CNT is excited to release our Urban Opportunity Agenda today. This new framework for economic development turns the traditional job creation model on its head, generating economic growth from the ground up by systemically reducing the cost of living and doing business in a place.
In communities across the country, high poverty rates, stagnant wages, and the rising cost of living are dragging down local economies. In contrast, new efficiencies and targeted investments can provide a win-win, boosting economic growth while putting more money in the pockets of working families. The Urban Opportunity Agenda gives civic leaders the tools to choose investments that reduce poverty, create economic opportunity, and build stronger cities.
With support from Knight Foundation, CNT evaluated 10 communities and found that the number of people living in poverty could be reduced by 25 percent or more though a combination of expense reductions for families, targeted job creation, and smarter public and private investments. For each of the 10 communities, CNT has compiled data on the economic costs of poverty and identified a portfolio of concrete poverty reduction strategies.
The 10 Urban Opportunity Agenda communities include Akron/Summit County, OH; Charlotte, NC; Detroit, MI; Gary, IN; Long Beach, CA; Macon-Bibb County, GA; Miami-Dade County, FL; Philadelphia, PA; San Jose, CA; and St. Paul, MN.
Economic growth is not enough to reduce poverty
Regions across the country are recovering from the economic downturn, but not all households benefitting from that recovery. In all 10 places we studied the poverty rate has risen. CNT’s research shows that when civic leaders invest to reduce inefficiency, lower expenses for families, and create connected communities, multiple benefits follow:
- Reduced spending on transportation, energy and water by all households and businesses
- Environmental and economic resiliency
- Improved access to basic services, jobs, and education for everyone
In the coming weeks, CNT will be holding meetings and conversations with elected officials, community organizations, and business leaders in 10 Urban Opportunity Agenda communities. To host a conversation or find out more about scheduled events, please contact me at firstname.lastname@example.org or 415.644.0877.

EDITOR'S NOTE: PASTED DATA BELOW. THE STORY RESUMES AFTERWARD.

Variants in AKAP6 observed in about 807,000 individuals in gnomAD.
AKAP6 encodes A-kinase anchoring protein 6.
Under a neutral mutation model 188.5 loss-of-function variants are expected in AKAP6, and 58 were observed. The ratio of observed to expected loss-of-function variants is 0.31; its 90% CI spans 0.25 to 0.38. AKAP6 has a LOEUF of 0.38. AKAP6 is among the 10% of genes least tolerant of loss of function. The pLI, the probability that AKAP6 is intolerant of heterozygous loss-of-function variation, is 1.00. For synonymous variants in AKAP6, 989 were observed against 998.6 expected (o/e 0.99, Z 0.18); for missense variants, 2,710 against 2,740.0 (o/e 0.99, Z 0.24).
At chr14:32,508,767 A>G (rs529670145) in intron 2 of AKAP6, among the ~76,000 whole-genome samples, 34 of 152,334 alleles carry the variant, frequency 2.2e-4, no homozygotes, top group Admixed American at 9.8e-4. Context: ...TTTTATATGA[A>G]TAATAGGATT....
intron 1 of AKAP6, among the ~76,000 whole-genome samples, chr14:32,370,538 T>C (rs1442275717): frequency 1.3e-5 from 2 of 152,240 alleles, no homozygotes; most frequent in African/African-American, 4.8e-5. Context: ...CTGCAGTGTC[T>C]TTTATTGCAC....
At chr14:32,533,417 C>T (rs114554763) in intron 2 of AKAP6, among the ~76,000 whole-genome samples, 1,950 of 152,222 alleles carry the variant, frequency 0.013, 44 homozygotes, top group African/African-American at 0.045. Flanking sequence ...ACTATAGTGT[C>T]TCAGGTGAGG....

This work builds on decades of research, policy, tools, and implementation by CNT to create and document the benefits of sustainable and equitable communities. Here’s what people are saying about the Urban Opportunity Agenda:
“Our current economic development strategies are not enough to significantly reduce poverty. We need to shift how we go about creating economic opportunity. The Urban Opportunity Agenda gives communities a blueprint for how to use public resources more efficiently and make a real difference for families of all incomes.” Bruce Katz, Centennial Scholar, Brookings Institution.
“Any public official knows that money doesn’t grow on trees. The Urban Opportunity Agenda provides cities with a guide to making smarter investments, allowing us to produce the highest return on those investments to the benefit of businesses, working families, and the local economy.” Joel Rogers, Director of COWS and Mayors Innovation Project.
“Gary, like many cities around the country, has had to do more with less as public resources have become even more limited. The Urban Opportunity Agenda gives us detailed roadmap for how we can reduce the cost of living for working families while growing our economy in a way that benefits everyone. It’s a win-win.” Bo Kemp, Director Gary Economic Development Corporation.
“After decades of suffering from shrinking populations, cities are growing again. But that growth is juxtaposed against chronic poverty. Three-quarters of high-poverty urban neighborhoods that were around in 1970 are still poor today. The Urban Opportunity Agenda can help cities identify investments that can address community challenges and also support growth.” Benjamin de la Peña, Director for community and national strategy at the John S. and James L. Knight Foundation.
“More than any sports arena, industrial park, or business subsidy, poverty reduction has the potential to be an economic engine for cities. By making targeted investments that help families spend less on the basics, we can create widespread economic value.” Scott Bernstein, President Center for Neighborhood Technology.
A complete summary of the Urban Opportunity Agenda, including reports and data analysis for each of the 10 communities, is available here.